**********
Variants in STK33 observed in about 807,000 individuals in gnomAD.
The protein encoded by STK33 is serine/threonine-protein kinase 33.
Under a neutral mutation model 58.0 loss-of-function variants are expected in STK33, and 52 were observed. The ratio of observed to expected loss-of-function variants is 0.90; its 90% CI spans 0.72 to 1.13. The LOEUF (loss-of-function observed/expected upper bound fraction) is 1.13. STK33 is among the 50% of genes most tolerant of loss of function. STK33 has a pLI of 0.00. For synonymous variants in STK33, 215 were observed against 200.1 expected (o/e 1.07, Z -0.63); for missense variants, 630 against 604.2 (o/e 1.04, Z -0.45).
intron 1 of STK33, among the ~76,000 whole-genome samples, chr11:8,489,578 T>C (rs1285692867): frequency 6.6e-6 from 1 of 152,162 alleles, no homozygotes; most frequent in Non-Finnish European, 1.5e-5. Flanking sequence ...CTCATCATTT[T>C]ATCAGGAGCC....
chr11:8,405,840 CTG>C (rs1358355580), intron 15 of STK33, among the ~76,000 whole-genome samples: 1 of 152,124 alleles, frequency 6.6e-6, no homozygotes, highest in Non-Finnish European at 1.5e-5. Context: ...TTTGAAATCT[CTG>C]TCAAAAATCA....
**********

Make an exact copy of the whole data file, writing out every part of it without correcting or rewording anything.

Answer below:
Variants in STK33 observed in about 807,000 individuals in gnomAD.
The protein encoded by STK33 is serine/threonine-protein kinase 33.
Under a neutral mutation model 58.0 loss-of-function variants are expected in STK33, and 52 were observed. The ratio of observed to expected loss-of-function variants is 0.90; its 90% CI spans 0.72 to 1.13. The LOEUF (loss-of-function observed/expected upper bound fraction) is 1.13. STK33 is among the 50% of genes most tolerant of loss of function. STK33 has a pLI of 0.00. For synonymous variants in STK33, 215 were observed against 200.1 expected (o/e 1.07, Z -0.63); for missense variants, 630 against 604.2 (o/e 1.04, Z -0.45).
intron 1 of STK33, among the ~76,000 whole-genome samples, chr11:8,489,578 T>C (rs1285692867): frequency 6.6e-6 from 1 of 152,162 alleles, no homozygotes; most frequent in Non-Finnish European, 1.5e-5. Flanking sequence ...CTCATCATTT[T>C]ATCAGGAGCC....
chr11:8,405,840 CTG>C (rs1358355580), intron 15 of STK33, among the ~76,000 whole-genome samples: 1 of 152,124 alleles, frequency 6.6e-6, no homozygotes, highest in Non-Finnish European at 1.5e-5. Context: ...TTTGAAATCT[CTG>C]TCAAAAATCA....